In a way, however, Dalyell’s delightful celebration of a unique politician is essentially a sad book, just as Crossman’s diaries are sad books. For what they recount is a story of missed opportunities both on a national and on a personal level. The former are part of our post-war history, and explain how the disaster of Thatcherism became possible, and perhaps even inevitable. The latter are smaller in scale, but somehow even sadder.
For the truth about Dick Crossman’s spectacular political career is that it was a failure on almost every count. While it is certainly not true that he was a trivial politician – he set out to create great reforms, both in the outside world and in the closed world of Parliamentary government – he will be remembered for nothing that he did, only for what he wrote. Yet he was deeply concerned about important if uncharismatic things like pensions and Parliamentary reform. Extraordinarily, this Oxford don, reviled by his enemies as a careless flibbertigibbet, made himself one of Westminster’s great experts on superannuation and produced not one but two authoritative documents on the subject. One was in opposition, when he achieved the near impossible by capturing the hearts and minds of a Fifties Labour Party Conference with a speech about his pensions scheme which brought the hall to its feet. I know because I was there, and I will never forget Dick’s expression of slowly dawning delight when he realised he had pulled off a triumph against all the odds.
The second was in office when, as Social Services Secretary, he produced a White Paper outlining a national superannuation plan which would have transformed the lives of working-class pensioners. Had it reached the statute book, even the Mark One Heath government (the one pledged to a paler version of what we now know as Thatcherism) would not have dared repeal it. But it was washed down the plughole of history by Wilson’s decision to go to the country almost a year early, leading to Labour’s shock defeat in June 1970.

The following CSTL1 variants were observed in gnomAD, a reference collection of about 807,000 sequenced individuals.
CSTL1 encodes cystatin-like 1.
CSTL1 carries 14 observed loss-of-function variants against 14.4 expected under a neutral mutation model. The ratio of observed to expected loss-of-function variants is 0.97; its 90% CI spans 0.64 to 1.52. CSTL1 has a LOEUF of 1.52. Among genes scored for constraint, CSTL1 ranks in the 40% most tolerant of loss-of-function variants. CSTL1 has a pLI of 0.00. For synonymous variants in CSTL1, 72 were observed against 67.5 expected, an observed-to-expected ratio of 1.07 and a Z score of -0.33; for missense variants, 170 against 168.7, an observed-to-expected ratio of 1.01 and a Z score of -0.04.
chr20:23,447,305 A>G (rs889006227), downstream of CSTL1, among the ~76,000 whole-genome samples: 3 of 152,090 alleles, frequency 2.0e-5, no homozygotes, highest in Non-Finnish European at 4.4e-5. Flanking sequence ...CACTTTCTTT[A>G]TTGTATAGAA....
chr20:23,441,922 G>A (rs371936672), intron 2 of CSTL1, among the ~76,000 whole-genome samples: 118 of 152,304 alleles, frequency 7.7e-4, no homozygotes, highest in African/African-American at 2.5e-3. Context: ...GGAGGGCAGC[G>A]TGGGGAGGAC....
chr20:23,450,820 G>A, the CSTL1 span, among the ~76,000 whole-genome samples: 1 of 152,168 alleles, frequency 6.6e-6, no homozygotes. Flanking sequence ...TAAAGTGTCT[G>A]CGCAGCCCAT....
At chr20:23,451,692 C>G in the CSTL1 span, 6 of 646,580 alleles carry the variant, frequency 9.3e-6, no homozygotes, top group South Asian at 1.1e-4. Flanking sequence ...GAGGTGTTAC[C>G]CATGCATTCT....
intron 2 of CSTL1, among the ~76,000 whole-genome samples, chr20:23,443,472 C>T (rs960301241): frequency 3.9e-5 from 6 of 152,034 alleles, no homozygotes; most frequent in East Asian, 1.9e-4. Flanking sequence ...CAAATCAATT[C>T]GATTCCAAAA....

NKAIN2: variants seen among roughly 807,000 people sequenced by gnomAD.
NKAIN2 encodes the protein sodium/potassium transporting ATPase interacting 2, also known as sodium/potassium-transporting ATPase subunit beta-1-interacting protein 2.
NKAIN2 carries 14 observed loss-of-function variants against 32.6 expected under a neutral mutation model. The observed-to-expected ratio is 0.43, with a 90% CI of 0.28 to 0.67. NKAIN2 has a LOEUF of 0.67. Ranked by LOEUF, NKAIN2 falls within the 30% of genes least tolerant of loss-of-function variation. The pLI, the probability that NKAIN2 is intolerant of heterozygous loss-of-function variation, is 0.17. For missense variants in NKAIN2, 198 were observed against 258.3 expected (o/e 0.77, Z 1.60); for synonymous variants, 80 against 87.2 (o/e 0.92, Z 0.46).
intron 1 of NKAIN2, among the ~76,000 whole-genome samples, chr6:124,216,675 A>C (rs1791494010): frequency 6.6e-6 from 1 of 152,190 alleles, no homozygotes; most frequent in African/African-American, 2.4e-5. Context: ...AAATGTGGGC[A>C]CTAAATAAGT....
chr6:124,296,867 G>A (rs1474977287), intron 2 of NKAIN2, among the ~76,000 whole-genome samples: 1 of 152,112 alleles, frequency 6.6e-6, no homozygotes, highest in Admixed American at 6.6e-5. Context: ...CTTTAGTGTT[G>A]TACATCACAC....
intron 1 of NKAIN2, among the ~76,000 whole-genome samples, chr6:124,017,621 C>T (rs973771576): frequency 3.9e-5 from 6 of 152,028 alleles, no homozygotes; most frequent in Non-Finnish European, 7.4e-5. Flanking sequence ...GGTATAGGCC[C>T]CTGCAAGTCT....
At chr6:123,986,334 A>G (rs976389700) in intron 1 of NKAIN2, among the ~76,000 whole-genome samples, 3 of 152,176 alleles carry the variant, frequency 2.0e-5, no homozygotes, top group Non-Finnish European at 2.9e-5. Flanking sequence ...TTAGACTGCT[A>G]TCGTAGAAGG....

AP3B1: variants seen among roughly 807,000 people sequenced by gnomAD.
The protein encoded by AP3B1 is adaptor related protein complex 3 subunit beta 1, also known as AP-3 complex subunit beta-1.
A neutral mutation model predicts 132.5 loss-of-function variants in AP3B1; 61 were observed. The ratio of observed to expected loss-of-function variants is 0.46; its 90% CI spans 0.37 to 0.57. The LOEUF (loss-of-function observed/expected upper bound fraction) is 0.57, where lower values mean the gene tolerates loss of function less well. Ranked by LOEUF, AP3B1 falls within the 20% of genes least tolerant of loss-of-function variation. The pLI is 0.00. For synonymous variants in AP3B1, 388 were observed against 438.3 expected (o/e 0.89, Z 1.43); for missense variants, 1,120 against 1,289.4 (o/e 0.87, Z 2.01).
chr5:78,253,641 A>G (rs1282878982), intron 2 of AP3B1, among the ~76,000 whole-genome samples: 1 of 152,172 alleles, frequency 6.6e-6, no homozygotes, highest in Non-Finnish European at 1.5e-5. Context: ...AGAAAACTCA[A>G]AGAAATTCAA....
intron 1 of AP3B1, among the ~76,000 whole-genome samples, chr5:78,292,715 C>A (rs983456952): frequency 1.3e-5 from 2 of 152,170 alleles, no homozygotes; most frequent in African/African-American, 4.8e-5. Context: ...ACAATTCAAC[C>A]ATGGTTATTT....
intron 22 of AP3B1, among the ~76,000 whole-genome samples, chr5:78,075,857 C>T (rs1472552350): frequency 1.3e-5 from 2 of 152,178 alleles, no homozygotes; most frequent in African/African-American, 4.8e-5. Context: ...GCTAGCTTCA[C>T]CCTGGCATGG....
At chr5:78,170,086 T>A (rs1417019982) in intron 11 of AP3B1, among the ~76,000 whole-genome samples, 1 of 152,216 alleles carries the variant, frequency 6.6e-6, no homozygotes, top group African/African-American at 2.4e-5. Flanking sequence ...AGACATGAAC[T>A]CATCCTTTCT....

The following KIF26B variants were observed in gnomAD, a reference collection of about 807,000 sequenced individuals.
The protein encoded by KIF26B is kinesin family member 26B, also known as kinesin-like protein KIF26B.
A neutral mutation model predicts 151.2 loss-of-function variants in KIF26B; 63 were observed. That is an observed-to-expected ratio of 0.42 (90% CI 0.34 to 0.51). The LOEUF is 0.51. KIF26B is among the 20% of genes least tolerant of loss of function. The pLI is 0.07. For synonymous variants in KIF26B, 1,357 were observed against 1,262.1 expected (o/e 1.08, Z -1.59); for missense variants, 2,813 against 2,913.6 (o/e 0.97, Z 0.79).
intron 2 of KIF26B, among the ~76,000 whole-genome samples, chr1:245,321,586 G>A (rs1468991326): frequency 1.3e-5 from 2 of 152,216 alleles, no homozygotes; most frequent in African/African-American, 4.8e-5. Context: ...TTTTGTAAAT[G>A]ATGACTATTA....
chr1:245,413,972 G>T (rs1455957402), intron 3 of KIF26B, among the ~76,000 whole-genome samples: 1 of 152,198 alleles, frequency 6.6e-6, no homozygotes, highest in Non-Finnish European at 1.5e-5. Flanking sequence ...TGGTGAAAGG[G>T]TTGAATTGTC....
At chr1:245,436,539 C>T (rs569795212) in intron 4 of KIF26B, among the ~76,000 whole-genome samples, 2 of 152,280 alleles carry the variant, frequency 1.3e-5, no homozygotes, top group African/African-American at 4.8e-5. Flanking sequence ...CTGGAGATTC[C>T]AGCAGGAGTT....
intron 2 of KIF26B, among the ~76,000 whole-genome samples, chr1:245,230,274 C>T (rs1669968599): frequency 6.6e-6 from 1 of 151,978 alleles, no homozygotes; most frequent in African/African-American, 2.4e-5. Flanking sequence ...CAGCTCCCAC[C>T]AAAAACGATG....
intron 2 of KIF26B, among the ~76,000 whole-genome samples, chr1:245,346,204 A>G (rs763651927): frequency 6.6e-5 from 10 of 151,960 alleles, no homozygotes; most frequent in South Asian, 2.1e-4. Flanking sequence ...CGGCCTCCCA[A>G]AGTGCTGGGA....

Crossman’s other major failure was his attempt to do something about Labour’s constantly repeated pledges to abolish, or at least to reform, the House of Lords. He decided to go for reform, and succeeded in negotiating a scheme which would have ended the hereditary principle. He should have known it didn’t stand a chance when his old friend Michael Foot (an abolitionist) and Enoch Powell (a hereditarist) joined forces to scupper it. Even his one partial success – the establishment of an embryonic system of select committees – has been credited largely to Norman St John Stevas.
So the diaries must remain his monument. But what a monument! If I ever meet Dick again – perhaps in some heavenly version of the Members’ Lobby – I think I could honestly assure him that those remarkable volumes are a more significant contribution to the politics of our times than a pensions act or a reformed Upper House. They may not warm the toes of the millions of old-age pensioners he wanted to serve. But they will warm the hearts and feed the minds of many people for centuries to come, long after his pensions White Paper has crumbled into dust.
And to be fair, Crossman knew this perfectly well. In a moving passage, Dalyell tells how he returned to his Vincent Square digs late one night to hear the familiar voice summon him to the study. Dick broke the news that he had a malignant tumour which could not be treated. He added, matter-of-factly: ‘So I’d better get on with the diaries.’ Dalyell ends his labour of love with the words: ‘Crossman had style.’ He certainly had.